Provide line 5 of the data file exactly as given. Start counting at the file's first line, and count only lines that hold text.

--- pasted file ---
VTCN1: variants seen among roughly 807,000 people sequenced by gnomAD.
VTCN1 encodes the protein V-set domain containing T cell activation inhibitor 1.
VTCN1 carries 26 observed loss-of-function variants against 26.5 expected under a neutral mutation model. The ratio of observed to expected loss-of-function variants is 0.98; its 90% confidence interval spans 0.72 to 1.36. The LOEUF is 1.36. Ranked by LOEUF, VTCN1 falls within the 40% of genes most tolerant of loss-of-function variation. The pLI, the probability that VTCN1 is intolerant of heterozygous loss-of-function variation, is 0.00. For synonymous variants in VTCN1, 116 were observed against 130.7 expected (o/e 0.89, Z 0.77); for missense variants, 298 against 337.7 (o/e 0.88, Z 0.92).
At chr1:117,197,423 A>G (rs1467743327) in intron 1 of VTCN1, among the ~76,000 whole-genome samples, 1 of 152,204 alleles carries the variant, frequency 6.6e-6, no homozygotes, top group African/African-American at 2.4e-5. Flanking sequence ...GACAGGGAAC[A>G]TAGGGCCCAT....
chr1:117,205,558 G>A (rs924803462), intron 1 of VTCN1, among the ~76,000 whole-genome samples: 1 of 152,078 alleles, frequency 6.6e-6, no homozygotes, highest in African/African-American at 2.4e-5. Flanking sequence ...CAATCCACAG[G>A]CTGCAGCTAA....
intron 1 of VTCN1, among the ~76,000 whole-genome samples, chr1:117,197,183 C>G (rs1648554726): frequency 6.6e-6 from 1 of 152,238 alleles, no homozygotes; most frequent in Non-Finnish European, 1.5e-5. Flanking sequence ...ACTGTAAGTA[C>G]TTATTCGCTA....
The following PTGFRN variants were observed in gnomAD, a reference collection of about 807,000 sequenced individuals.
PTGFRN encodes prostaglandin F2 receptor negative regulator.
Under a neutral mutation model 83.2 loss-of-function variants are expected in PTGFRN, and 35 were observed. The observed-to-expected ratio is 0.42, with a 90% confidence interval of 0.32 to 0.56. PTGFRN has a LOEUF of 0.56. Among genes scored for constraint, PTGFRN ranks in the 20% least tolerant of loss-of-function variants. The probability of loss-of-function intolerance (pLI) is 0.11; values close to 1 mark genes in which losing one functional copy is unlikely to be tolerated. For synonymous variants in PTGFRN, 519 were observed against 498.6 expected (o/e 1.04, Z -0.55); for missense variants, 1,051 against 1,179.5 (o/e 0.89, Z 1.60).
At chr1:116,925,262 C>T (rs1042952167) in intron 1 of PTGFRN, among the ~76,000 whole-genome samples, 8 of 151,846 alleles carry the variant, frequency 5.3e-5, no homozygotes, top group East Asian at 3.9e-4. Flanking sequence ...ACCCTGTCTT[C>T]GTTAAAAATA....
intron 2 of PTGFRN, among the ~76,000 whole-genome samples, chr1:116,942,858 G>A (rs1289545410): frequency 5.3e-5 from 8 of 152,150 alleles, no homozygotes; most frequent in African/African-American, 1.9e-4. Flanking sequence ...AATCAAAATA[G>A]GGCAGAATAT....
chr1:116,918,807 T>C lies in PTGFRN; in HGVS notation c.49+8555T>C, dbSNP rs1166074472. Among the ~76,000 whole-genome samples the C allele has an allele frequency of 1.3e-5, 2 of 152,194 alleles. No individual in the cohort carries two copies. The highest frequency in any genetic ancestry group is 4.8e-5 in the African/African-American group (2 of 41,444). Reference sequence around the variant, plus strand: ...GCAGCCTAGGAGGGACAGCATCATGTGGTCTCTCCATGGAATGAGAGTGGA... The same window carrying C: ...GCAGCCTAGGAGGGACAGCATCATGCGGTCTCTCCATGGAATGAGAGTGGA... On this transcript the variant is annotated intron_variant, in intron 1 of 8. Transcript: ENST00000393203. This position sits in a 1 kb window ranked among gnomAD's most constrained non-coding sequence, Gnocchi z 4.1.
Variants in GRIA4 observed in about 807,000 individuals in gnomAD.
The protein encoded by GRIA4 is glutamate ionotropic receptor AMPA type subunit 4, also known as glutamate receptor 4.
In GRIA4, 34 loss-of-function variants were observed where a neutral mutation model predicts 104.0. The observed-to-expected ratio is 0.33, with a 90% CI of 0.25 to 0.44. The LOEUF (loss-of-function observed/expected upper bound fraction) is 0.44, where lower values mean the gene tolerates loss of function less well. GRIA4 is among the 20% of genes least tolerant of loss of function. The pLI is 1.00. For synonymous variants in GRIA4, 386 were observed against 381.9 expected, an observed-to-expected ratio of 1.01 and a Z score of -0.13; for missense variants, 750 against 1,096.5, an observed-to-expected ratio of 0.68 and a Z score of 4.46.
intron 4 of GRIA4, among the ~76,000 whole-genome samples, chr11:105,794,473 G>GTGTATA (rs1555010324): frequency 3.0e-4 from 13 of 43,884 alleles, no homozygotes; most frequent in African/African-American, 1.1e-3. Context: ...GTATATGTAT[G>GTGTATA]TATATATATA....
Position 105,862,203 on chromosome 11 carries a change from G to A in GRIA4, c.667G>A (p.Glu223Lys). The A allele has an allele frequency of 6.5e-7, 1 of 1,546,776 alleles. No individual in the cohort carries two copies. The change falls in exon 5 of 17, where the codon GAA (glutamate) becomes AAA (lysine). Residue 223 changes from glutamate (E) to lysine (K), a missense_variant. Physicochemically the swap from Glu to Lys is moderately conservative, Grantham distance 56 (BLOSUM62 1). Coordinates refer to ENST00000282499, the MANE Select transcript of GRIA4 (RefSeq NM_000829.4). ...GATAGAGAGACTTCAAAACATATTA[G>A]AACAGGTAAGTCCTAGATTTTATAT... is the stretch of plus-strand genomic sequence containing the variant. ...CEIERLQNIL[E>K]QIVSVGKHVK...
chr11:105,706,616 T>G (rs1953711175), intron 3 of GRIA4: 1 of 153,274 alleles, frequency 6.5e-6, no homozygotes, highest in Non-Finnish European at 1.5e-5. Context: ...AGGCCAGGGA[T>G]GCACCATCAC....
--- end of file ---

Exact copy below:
chr1:117,205,558 G>A (rs924803462), intron 1 of VTCN1, among the ~76,000 whole-genome samples: 1 of 152,078 alleles, frequency 6.6e-6, no homozygotes, highest in African/African-American at 2.4e-5. Flanking sequence ...CAATCCACAG[G>A]CTGCAGCTAA....